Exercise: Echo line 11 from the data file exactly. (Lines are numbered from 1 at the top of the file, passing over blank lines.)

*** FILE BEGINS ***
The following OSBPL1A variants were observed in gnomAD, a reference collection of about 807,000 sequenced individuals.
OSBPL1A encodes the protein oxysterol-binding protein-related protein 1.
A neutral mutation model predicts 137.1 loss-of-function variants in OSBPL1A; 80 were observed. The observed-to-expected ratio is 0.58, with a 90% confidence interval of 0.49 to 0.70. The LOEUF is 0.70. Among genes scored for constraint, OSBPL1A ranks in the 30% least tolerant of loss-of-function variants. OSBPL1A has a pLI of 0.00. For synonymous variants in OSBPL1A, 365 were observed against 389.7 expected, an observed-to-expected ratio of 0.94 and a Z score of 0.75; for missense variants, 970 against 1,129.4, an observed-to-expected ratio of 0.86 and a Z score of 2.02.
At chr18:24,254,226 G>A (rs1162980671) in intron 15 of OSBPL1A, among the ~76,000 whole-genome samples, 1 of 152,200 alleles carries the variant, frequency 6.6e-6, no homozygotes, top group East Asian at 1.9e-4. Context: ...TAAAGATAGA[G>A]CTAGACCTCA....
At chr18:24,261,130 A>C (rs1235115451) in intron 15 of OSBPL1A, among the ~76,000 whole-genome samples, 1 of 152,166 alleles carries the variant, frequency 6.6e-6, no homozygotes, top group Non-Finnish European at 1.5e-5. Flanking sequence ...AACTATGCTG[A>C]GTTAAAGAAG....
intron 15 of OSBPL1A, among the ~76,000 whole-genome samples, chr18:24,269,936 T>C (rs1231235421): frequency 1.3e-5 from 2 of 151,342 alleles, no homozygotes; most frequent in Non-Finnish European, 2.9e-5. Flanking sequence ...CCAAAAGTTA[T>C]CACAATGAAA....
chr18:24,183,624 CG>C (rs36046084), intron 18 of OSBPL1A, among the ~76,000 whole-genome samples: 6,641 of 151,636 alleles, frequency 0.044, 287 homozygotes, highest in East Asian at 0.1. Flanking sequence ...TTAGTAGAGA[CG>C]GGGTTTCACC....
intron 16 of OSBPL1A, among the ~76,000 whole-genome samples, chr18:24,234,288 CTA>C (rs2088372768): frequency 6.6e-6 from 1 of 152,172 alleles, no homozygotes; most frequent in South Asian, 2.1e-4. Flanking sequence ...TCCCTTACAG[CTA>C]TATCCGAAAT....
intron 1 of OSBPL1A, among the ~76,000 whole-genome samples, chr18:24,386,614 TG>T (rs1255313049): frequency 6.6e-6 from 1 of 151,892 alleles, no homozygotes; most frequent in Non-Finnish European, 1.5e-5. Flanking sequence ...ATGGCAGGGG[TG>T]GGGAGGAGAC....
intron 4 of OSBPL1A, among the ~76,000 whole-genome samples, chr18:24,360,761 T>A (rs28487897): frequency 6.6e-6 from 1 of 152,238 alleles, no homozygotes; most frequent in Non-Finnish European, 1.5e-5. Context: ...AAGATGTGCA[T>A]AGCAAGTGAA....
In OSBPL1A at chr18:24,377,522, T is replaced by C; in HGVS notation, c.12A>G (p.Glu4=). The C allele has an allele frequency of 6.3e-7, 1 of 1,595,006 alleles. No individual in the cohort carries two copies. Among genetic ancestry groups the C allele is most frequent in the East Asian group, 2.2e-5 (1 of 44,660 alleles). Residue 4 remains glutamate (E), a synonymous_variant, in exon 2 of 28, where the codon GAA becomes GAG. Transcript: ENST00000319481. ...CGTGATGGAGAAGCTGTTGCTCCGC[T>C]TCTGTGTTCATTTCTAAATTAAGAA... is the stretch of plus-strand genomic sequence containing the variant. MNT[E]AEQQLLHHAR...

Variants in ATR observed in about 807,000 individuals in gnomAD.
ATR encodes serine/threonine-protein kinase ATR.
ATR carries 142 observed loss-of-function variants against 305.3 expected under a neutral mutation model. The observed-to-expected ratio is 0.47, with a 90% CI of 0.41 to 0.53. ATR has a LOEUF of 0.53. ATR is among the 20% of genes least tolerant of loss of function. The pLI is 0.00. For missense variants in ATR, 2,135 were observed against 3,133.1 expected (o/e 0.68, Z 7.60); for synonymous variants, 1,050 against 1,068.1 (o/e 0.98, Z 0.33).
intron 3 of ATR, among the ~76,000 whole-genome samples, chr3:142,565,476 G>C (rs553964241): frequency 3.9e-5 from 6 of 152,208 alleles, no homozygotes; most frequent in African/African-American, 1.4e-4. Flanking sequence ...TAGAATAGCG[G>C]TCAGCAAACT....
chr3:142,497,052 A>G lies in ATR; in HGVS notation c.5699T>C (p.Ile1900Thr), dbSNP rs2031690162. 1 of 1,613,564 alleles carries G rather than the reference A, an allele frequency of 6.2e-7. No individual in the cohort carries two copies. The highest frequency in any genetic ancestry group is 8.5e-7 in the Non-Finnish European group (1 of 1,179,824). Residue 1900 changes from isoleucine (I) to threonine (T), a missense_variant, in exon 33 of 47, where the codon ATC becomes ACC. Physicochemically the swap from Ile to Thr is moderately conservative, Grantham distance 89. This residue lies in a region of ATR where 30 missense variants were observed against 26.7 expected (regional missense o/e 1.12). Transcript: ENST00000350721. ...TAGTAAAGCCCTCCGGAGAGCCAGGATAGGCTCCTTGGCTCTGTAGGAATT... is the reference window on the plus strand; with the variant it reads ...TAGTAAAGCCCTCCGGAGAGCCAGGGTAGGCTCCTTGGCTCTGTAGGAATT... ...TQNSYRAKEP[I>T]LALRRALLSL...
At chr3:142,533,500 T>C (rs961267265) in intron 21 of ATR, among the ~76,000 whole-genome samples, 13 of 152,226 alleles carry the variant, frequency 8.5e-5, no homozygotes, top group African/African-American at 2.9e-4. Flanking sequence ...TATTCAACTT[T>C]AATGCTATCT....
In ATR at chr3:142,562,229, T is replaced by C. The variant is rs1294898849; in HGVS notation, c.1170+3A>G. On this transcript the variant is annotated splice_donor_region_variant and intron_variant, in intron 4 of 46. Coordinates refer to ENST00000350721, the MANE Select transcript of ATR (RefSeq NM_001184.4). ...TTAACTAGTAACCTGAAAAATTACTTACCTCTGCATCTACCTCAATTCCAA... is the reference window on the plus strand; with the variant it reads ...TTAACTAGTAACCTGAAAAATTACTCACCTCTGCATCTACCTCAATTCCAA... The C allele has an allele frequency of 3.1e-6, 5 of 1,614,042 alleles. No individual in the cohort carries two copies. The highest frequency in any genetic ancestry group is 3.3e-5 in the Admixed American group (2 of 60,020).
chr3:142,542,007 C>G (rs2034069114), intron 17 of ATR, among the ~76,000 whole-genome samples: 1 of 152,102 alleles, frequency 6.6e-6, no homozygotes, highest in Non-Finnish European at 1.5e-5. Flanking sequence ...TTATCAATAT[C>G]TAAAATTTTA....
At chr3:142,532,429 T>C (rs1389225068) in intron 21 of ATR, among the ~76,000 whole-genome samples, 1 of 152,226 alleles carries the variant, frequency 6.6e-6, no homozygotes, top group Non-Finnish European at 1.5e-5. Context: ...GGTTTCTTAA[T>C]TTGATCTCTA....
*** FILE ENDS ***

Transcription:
In OSBPL1A at chr18:24,377,522, T is replaced by C; in HGVS notation, c.12A>G (p.Glu4=). The C allele has an allele frequency of 6.3e-7, 1 of 1,595,006 alleles. No individual in the cohort carries two copies. Among genetic ancestry groups the C allele is most frequent in the East Asian group, 2.2e-5 (1 of 44,660 alleles). Residue 4 remains glutamate (E), a synonymous_variant, in exon 2 of 28, where the codon GAA becomes GAG. Transcript: ENST00000319481. ...CGTGATGGAGAAGCTGTTGCTCCGC[T>C]TCTGTGTTCATTTCTAAATTAAGAA... is the stretch of plus-strand genomic sequence containing the variant. MNT[E]AEQQLLHHAR...